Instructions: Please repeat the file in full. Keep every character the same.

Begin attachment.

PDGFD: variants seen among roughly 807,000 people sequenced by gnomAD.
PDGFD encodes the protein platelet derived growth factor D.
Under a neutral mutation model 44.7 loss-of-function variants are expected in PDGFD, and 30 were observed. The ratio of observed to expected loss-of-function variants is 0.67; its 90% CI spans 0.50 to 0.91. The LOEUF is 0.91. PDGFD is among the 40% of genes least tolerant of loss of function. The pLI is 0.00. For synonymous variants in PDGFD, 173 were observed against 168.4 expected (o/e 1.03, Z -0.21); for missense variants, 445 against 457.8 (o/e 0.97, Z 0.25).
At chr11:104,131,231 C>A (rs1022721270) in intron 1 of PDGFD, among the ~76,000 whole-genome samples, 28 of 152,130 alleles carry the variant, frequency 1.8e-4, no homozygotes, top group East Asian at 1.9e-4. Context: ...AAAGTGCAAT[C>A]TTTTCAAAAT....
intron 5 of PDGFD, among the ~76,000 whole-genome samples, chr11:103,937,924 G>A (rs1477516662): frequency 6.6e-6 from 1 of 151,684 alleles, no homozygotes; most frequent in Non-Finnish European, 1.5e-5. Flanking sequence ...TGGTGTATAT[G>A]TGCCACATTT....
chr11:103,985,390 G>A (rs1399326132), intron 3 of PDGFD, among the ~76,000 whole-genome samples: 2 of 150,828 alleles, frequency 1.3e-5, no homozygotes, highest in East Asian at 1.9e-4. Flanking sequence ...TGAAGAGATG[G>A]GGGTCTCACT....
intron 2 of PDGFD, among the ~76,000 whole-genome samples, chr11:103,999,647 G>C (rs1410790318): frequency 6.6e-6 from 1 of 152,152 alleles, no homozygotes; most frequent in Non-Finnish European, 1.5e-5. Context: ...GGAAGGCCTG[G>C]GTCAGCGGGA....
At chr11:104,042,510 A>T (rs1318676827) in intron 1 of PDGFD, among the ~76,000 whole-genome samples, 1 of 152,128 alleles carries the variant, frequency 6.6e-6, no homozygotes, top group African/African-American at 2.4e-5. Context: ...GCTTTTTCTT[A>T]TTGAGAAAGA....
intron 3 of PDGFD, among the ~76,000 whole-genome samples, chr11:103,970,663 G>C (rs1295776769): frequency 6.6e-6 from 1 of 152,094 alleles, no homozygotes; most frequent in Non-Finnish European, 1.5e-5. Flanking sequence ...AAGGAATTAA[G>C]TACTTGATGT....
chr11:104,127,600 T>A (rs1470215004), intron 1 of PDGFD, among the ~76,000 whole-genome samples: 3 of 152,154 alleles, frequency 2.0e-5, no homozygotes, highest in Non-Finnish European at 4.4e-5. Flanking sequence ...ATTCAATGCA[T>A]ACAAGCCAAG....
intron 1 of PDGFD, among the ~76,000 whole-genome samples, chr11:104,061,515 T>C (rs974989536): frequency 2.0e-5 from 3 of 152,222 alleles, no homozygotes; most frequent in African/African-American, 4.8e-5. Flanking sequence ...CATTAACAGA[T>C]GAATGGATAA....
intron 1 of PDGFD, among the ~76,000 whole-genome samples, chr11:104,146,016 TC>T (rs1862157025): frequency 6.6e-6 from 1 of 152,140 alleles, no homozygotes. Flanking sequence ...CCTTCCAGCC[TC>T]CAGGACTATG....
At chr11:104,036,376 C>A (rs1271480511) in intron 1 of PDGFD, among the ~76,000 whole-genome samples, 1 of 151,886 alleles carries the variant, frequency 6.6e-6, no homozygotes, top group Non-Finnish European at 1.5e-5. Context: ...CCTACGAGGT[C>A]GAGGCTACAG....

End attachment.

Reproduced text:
PDGFD: variants seen among roughly 807,000 people sequenced by gnomAD.
PDGFD encodes the protein platelet derived growth factor D.
Under a neutral mutation model 44.7 loss-of-function variants are expected in PDGFD, and 30 were observed. The ratio of observed to expected loss-of-function variants is 0.67; its 90% CI spans 0.50 to 0.91. The LOEUF is 0.91. PDGFD is among the 40% of genes least tolerant of loss of function. The pLI is 0.00. For synonymous variants in PDGFD, 173 were observed against 168.4 expected (o/e 1.03, Z -0.21); for missense variants, 445 against 457.8 (o/e 0.97, Z 0.25).
At chr11:104,131,231 C>A (rs1022721270) in intron 1 of PDGFD, among the ~76,000 whole-genome samples, 28 of 152,130 alleles carry the variant, frequency 1.8e-4, no homozygotes, top group East Asian at 1.9e-4. Context: ...AAAGTGCAAT[C>A]TTTTCAAAAT....
intron 5 of PDGFD, among the ~76,000 whole-genome samples, chr11:103,937,924 G>A (rs1477516662): frequency 6.6e-6 from 1 of 151,684 alleles, no homozygotes; most frequent in Non-Finnish European, 1.5e-5. Flanking sequence ...TGGTGTATAT[G>A]TGCCACATTT....
chr11:103,985,390 G>A (rs1399326132), intron 3 of PDGFD, among the ~76,000 whole-genome samples: 2 of 150,828 alleles, frequency 1.3e-5, no homozygotes, highest in East Asian at 1.9e-4. Flanking sequence ...TGAAGAGATG[G>A]GGGTCTCACT....
intron 2 of PDGFD, among the ~76,000 whole-genome samples, chr11:103,999,647 G>C (rs1410790318): frequency 6.6e-6 from 1 of 152,152 alleles, no homozygotes; most frequent in Non-Finnish European, 1.5e-5. Context: ...GGAAGGCCTG[G>C]GTCAGCGGGA....
At chr11:104,042,510 A>T (rs1318676827) in intron 1 of PDGFD, among the ~76,000 whole-genome samples, 1 of 152,128 alleles carries the variant, frequency 6.6e-6, no homozygotes, top group African/African-American at 2.4e-5. Context: ...GCTTTTTCTT[A>T]TTGAGAAAGA....
intron 3 of PDGFD, among the ~76,000 whole-genome samples, chr11:103,970,663 G>C (rs1295776769): frequency 6.6e-6 from 1 of 152,094 alleles, no homozygotes; most frequent in Non-Finnish European, 1.5e-5. Flanking sequence ...AAGGAATTAA[G>C]TACTTGATGT....
chr11:104,127,600 T>A (rs1470215004), intron 1 of PDGFD, among the ~76,000 whole-genome samples: 3 of 152,154 alleles, frequency 2.0e-5, no homozygotes, highest in Non-Finnish European at 4.4e-5. Flanking sequence ...ATTCAATGCA[T>A]ACAAGCCAAG....
intron 1 of PDGFD, among the ~76,000 whole-genome samples, chr11:104,061,515 T>C (rs974989536): frequency 2.0e-5 from 3 of 152,222 alleles, no homozygotes; most frequent in African/African-American, 4.8e-5. Flanking sequence ...CATTAACAGA[T>C]GAATGGATAA....
intron 1 of PDGFD, among the ~76,000 whole-genome samples, chr11:104,146,016 TC>T (rs1862157025): frequency 6.6e-6 from 1 of 152,140 alleles, no homozygotes. Flanking sequence ...CCTTCCAGCC[TC>T]CAGGACTATG....
At chr11:104,036,376 C>A (rs1271480511) in intron 1 of PDGFD, among the ~76,000 whole-genome samples, 1 of 151,886 alleles carries the variant, frequency 6.6e-6, no homozygotes, top group Non-Finnish European at 1.5e-5. Context: ...CCTACGAGGT[C>A]GAGGCTACAG....